One of the most common technical cues that we as trainers convey to our clients is for them to “keep their head up,” to ensure that the cervical spine is in neutral during the vast majority of exercises, skills and drills we perform.
A good analogy is to consider the head/neck/shoulders as the “roof” on your house and your feet as the “foundation.” If these two body parts are misaligned, then every other body part which lies between the roof and foundation is likely to be compromised as well.
Our bodies structurally are mechanical marvels. We are stockpile of joints, ropes, and pulleys in terms of our structure. And voluntary muscles are capable of performing one task and that is to pull on a bone. Either to mobilize it or stabilize it. Therefore, if the bone is not in the optimal position in relationship to the muscle or muscle group that acts on that bone, then the muscle or muscle group’s force may be diminished.
This diminished force may lead to disfunction of the body’s ability to stabilize and to mobilize safely, effectively, and efficiently. Consequently, the body’s position is an essential component of positive physical fitness outcomes.
This week, consider the following guidelines regarding the position of the head/neck/shoulders during your workouts. As always, please consult your physician prior to beginning any exercise program.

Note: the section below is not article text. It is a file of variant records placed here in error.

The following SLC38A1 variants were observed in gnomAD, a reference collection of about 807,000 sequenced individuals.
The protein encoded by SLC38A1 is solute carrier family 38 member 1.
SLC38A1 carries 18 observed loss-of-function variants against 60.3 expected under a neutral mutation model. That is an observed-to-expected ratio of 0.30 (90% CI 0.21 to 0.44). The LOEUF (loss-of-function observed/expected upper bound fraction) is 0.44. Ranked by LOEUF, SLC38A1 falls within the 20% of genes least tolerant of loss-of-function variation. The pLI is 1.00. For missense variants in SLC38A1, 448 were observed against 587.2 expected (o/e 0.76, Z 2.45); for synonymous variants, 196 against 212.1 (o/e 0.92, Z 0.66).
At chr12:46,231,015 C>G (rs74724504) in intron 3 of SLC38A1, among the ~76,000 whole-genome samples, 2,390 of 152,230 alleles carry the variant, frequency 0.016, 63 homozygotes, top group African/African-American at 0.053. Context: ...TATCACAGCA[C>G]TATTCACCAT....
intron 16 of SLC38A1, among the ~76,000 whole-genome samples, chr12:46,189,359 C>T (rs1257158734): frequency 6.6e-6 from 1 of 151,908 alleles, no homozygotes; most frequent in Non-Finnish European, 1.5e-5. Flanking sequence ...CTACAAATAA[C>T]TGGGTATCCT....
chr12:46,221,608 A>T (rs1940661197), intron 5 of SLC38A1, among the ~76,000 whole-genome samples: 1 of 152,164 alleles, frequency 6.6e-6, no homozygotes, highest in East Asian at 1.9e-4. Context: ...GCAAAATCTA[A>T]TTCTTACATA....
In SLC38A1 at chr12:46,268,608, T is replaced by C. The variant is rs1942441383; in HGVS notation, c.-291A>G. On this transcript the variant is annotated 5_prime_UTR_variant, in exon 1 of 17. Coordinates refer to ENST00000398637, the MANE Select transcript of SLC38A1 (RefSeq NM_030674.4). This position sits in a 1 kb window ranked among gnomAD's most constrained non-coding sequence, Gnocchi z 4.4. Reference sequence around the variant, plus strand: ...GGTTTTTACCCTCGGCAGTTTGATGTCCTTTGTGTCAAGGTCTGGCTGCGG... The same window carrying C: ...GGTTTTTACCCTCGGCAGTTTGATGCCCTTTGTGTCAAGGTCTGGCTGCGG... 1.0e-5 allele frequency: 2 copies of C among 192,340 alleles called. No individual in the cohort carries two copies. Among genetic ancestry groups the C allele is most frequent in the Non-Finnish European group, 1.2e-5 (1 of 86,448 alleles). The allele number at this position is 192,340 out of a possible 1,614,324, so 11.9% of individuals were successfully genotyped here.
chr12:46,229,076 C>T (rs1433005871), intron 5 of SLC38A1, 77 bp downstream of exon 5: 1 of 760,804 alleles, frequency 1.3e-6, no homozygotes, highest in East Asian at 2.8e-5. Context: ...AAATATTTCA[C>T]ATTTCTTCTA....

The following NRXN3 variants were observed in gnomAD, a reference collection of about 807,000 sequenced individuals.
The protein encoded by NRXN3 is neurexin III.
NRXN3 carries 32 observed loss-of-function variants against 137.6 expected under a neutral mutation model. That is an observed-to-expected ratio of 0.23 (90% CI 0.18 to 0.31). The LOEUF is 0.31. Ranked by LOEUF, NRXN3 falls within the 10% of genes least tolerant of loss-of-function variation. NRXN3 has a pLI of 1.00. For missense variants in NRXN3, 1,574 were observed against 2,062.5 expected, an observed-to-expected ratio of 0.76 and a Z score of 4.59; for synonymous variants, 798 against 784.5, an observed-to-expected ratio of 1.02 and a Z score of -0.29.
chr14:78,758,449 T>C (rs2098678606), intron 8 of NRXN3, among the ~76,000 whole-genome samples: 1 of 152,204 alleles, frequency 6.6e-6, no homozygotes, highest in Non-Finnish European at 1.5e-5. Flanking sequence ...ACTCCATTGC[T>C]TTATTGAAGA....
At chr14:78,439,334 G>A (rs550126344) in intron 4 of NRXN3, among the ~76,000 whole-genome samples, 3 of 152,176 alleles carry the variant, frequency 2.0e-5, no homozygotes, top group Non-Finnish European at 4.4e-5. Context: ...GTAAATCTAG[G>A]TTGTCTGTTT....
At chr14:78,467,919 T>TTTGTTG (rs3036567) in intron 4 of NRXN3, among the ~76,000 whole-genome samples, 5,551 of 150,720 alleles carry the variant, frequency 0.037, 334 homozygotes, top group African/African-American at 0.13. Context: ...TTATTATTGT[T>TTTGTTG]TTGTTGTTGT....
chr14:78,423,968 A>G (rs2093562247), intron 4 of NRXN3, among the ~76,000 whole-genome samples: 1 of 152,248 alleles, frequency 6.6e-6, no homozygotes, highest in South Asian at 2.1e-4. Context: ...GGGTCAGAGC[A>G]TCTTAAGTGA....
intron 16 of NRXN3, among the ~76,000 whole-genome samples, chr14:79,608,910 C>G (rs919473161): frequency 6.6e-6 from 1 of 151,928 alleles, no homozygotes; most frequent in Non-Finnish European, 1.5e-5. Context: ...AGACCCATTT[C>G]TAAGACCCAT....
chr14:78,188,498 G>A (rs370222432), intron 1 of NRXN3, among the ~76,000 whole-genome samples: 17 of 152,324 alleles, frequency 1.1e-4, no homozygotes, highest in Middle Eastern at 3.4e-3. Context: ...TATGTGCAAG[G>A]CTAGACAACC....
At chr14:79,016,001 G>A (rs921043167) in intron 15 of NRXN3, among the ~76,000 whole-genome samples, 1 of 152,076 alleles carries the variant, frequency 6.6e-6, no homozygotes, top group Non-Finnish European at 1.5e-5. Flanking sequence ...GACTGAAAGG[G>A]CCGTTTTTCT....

- Set yourself up for success! Beginning at the top of the head, place your head/neck in neutral, eyes focused forward, rotate your shoulders back and down and then “pack” the shoulders into that position. Rib cage lifted, navel pulled toward the spine, pelvic floor pulled up and inward, and in standing positions, knees relaxed and the body weight equally distributed from the front to the back of the feet.
- When performing exercises such as squats/lunges, the head never drops downward. Your eyes should be focused forward, with the head/neck in neutral (think a natural extension of your spine). This is a common issue when clients are performing these exercises and seriously alters the position of the spine. Remember your head can weigh between 14-18 pounds as an adult. If you continually allow the head to fall forward, the anterior cervical muscles shorten over time, a pulling effect occurs from the anterior muscles shortening, causing the posterior cervical/thoracic muscles to lengthen in response. Over time, this can lead to thoracic kyphosis among other spinal deviations, many of which may be avoided with proper cervical posture.
- Therefore, before beginning any movement pattern, check the position of the cervical spine and then check back in frequently with the cervical spine throughout the exercise to ensure your “roof” is in the correct position and eyes focused forward.
- Make certain that your exercise program emphasizes proper postural alignment consistently. Your trainer should be constantly reminding you to look forward, keeping the head/neck in neutral. And note that looking forward is relative. Therefore, if you are standing, head/neck/shoulders/hips/knees/toes all facing the same direction. However, if you are in a quadruped or prone position (i.e., all fours/kneeling/face down), you are still keeping the head/neck in neutral, you are simply gazing at the floor. If you are supine, strive to keep the head/neck in neutral throughout the exercise. Therefore, you may require a cushion to elevate the head if you have developed thoracic kyphosis due to the position of the thoracic spine in relationship to the cervical spine.